Better Than: Past Fabolous performances.
“This life is so exciting!” chanted Pusha T and Fabolous in unison on B.B. King’s stage while a crowd of ecstatically proud New Yorkers watched two of their native sons (yup Pusha was born in the Bronx). Last night the two only shared the stage for one song, but the two demonstrated a palpable ease with one another. The same couldn’t be said of the crowd, who at times got into shoving matches jockeying for position around the stage. It was a quite a sight. In the eternal words of King Push, “My God…”
Even from outside the venue before either rapper breathed a word on the mic it was evident from the line stretching back to 7th Avenue that MTV Jams, the main sponsor of “The Life Is So Exciting Tour,” had come up with a strong combination. The crowd was an eclectic bunch of D-boys and hipsters with a few models and rap nerds thrown in for good measure. New York, basically.
The show started a bit behind schedule. but before you could say “Late rappers… That’s that shit I don’t like,” King Push was on stage in his trademark backwards cap and chains rapping his verse of Chief Keef’s “I Don’t Like” remix. “Grinding” served its purpose to rope in the handful of casual fans but those guys were few and far between. From “Back By Popular Demand” to “So Appalled,” the crowd rapped every word. And when the deeper album cuts and mixtape anthems like “Cook It Down” and Exodus” came on they were still right there with Mr. Terrance Thornton, filling in what ever words he or his hype man skipped.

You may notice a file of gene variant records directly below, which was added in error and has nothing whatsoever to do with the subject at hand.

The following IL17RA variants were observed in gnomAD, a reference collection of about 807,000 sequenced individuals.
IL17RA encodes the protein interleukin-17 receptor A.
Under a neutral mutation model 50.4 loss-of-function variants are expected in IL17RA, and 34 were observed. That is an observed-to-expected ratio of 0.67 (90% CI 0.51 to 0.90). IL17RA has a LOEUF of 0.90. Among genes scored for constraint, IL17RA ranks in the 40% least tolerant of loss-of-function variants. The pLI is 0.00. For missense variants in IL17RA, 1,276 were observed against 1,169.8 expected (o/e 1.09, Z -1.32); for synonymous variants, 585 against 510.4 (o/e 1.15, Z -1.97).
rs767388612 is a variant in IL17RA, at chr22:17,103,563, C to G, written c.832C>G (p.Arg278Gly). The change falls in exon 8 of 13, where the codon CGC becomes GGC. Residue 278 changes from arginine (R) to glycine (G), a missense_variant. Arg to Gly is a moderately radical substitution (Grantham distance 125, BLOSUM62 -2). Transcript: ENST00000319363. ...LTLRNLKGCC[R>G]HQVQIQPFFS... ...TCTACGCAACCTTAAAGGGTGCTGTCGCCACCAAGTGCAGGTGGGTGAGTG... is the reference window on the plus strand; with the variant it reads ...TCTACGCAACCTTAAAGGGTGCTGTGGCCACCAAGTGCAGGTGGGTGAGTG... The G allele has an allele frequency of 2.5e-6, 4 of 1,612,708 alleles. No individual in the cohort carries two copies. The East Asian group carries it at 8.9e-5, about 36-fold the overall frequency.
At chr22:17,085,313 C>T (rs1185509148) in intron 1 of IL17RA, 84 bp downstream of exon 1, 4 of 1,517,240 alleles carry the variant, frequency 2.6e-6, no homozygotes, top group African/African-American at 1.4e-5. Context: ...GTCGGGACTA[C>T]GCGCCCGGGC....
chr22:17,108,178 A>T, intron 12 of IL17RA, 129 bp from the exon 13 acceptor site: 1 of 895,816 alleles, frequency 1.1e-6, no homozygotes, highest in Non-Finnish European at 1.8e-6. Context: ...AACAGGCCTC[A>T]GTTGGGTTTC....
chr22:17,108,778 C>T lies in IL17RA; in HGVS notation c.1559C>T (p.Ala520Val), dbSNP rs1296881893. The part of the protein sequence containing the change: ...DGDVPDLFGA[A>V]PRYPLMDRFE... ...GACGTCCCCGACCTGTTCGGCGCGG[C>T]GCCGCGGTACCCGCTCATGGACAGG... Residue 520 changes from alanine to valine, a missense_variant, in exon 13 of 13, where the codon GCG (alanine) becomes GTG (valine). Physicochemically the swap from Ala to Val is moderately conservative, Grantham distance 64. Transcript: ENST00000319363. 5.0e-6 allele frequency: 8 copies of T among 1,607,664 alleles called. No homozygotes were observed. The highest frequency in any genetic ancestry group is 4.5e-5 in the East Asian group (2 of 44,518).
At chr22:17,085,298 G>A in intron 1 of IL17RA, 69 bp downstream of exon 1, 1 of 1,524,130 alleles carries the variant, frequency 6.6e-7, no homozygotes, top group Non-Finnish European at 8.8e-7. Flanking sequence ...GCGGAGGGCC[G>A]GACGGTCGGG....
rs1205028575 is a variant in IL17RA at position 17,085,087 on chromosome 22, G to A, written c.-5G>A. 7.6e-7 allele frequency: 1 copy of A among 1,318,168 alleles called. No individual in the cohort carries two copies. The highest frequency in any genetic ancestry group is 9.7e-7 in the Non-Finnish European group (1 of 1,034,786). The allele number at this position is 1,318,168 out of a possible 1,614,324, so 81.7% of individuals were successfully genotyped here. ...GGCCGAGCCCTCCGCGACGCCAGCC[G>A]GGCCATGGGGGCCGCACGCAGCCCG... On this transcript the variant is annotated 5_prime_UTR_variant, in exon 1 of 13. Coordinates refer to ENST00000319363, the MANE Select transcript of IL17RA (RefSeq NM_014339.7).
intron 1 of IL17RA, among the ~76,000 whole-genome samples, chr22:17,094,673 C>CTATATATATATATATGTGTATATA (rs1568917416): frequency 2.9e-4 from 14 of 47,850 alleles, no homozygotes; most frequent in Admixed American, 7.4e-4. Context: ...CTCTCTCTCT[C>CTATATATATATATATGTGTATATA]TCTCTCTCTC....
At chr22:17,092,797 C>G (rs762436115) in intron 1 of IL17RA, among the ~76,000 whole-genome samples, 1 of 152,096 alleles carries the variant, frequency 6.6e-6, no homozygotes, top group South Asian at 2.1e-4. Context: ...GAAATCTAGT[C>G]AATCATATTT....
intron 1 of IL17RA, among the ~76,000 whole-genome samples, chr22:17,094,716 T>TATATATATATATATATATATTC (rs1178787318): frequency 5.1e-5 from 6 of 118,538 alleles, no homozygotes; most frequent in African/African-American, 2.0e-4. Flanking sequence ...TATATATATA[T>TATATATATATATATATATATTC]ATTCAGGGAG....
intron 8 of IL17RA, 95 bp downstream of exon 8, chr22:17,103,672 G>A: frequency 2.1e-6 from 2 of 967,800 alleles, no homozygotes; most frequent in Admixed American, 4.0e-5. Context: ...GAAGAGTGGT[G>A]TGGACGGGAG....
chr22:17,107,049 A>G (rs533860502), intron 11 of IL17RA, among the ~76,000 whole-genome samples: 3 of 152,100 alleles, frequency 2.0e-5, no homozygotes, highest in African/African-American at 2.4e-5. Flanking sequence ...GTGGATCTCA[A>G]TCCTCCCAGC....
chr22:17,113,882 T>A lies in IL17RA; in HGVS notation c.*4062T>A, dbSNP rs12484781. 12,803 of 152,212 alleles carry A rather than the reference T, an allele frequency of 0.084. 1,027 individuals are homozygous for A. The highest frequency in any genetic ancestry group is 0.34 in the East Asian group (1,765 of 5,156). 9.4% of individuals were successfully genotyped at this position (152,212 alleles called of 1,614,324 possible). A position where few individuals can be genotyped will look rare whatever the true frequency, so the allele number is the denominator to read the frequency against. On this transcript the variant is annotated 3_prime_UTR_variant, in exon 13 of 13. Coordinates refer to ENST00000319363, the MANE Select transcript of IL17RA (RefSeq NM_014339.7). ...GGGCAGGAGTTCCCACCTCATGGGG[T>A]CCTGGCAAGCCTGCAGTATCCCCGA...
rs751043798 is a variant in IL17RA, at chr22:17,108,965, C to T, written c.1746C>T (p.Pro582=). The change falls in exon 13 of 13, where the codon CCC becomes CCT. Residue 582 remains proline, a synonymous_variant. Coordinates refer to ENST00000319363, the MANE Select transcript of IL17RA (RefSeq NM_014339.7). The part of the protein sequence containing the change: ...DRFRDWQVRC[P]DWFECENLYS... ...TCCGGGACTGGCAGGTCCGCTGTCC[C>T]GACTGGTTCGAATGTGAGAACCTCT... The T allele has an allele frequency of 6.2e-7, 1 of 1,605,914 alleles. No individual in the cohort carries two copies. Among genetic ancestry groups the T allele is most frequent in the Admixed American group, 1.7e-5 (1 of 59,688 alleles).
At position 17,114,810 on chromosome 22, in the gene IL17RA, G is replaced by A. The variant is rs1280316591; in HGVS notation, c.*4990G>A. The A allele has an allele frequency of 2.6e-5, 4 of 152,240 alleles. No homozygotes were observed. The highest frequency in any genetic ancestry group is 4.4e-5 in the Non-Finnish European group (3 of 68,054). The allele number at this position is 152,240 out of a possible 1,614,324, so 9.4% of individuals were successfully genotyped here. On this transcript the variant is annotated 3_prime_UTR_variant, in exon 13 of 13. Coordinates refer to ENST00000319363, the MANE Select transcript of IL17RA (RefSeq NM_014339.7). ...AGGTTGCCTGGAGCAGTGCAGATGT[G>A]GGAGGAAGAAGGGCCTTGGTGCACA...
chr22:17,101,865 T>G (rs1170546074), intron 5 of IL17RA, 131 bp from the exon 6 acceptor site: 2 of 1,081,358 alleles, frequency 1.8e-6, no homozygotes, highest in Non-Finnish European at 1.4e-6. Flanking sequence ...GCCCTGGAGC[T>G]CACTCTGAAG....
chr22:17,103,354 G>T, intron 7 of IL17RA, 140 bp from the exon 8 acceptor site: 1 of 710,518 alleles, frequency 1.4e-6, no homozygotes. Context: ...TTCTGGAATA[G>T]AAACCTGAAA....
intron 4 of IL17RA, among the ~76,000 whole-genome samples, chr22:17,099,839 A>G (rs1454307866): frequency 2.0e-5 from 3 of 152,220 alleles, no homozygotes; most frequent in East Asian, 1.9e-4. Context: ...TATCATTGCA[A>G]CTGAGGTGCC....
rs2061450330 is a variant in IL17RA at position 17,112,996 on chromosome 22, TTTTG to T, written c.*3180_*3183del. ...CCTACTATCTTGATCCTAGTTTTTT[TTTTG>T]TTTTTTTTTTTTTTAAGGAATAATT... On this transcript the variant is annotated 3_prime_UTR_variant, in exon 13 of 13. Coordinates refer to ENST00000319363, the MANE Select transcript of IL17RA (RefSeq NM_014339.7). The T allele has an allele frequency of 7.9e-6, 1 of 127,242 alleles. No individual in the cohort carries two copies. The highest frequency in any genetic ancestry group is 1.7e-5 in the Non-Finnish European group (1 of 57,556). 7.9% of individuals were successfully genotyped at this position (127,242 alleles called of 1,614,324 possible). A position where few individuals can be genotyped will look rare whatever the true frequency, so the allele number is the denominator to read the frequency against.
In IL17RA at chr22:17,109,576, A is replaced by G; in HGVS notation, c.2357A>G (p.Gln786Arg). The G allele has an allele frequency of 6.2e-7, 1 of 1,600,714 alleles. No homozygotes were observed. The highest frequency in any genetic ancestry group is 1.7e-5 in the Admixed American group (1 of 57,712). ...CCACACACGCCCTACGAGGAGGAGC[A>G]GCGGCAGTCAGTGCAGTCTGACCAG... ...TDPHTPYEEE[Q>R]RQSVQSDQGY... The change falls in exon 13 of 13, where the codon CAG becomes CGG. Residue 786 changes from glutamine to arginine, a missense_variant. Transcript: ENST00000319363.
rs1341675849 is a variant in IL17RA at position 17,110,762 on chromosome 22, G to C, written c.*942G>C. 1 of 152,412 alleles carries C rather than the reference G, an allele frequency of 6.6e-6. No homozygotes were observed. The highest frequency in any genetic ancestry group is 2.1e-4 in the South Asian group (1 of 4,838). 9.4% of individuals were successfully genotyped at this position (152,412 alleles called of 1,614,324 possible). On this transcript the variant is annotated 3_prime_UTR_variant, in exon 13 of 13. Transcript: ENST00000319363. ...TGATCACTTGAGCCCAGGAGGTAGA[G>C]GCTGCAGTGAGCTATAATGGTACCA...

Pusha’s set was strong overall and lengthier than you’d expect. He’s got joints, no doubt about that. And speaking of, when he dropped arguably his biggest, “New God Flow,” from the edge of the stage some dude in crowd kept grabbing his knee. Pusha waited for the song to end before quipping, “You’re a man. You are a man. I appreciate the love but…” As the crowd laughed he turned to a particularly eager female fan and exclaimed, “Woman you can grip my knee though.”
After the laughter died down, Troy Ave popped up to perform dark yet sing songy “Road
Runner.” Troy murdered the hook in the ill New York Islanders jersey. The crowd was so charged a fight almost broke out during “Mercy” so Pusha switched it up to the um, love song (?) “Trust You With My Drugs.” “Millions in the Ceilings” should have wrapped the show because the crowd’s high energy waned slightly for the set-ending “Blocka.” Just when you thought it was over, though, he pulled out his latest showstopper, “Numbers On The Board.”
Then it was Fabolous’ turn.( If you’re ready to read about Loso say, “Niiiiiiiice.”) Fab’s set was horough. He covered his girly-TRL-era, but also did the gritty mixtape stuff like “B.I.T.E.” One thing’s for sure: Ladies Love Cool Fab. Ladies screamed at him like he was the Beatles or maybe Weezy at Summer Jam 2008 or MJ the first time he moonwalked. With good reason though. He cleverly caters to girls while performing, dedicating songs to them and chiding guys to take of their ladies or “trust me some other dude will.”
Fab brought out a few surprises halfway through his set including Araab Muzik followed by Wale for “Beauty.” Araab Muzik did his thing but as soon as Wale touched the mic there were serious technical difficulties. Joe Budden came out and cell phones flew up in the air to capture the mediocre MC’s moment. Luckily Pusha came out to pick up the slack for the night’s crescendo in the form of “This Life So Exciting.”
The show sputtered toward the end, with several false stops. But Fab churned out “Breathe” and “I’ma Do it” “Can’t Let You Go” “Superwoman.” and, finally, “Girl You Be Killin’ Em” after the show already seemed petered out. Unsure of Fab’s intentions the crowd hovered momentarily. When Fab got on the mic though and thanked New York City “for making me everything I am today,” the mass of rap heads caught his drift and finally began to disperse. So exciting indeed.
Critical Bias: Pusha is unfuckwitable.
Overheard: “How Fab ain’t gonna do that “Brooklyn” shit. Brooklyn is in the house heavy.”
Random Notebook Dump: Hip-hop will never just be about weed and Hennessy, but it will forever smell like weed and Hennessy.
Photos by Stephen Bercovici